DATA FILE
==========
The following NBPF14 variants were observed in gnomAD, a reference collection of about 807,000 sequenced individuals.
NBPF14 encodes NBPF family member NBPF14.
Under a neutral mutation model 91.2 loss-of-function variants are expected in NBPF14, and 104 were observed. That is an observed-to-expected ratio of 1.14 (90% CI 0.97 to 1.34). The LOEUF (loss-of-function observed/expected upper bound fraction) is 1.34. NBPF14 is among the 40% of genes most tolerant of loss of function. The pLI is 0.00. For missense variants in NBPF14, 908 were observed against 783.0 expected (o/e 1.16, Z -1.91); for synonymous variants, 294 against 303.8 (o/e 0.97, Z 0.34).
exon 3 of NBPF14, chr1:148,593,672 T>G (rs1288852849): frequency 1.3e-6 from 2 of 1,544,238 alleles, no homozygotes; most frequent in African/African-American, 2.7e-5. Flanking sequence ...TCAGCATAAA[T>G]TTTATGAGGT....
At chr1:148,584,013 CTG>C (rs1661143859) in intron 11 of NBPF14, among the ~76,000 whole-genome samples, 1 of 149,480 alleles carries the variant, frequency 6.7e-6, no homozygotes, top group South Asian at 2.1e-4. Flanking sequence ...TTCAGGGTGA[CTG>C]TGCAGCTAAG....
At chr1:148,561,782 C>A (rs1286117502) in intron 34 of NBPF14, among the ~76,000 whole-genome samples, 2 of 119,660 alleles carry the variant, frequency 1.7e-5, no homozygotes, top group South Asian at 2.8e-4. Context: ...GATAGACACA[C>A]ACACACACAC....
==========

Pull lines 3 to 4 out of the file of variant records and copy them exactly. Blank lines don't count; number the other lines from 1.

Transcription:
Under a neutral mutation model 91.2 loss-of-function variants are expected in NBPF14, and 104 were observed. That is an observed-to-expected ratio of 1.14 (90% CI 0.97 to 1.34). The LOEUF (loss-of-function observed/expected upper bound fraction) is 1.34. NBPF14 is among the 40% of genes most tolerant of loss of function. The pLI is 0.00. For missense variants in NBPF14, 908 were observed against 783.0 expected (o/e 1.16, Z -1.91); for synonymous variants, 294 against 303.8 (o/e 0.97, Z 0.34).
exon 3 of NBPF14, chr1:148,593,672 T>G (rs1288852849): frequency 1.3e-6 from 2 of 1,544,238 alleles, no homozygotes; most frequent in African/African-American, 2.7e-5. Flanking sequence ...TCAGCATAAA[T>G]TTTATGAGGT....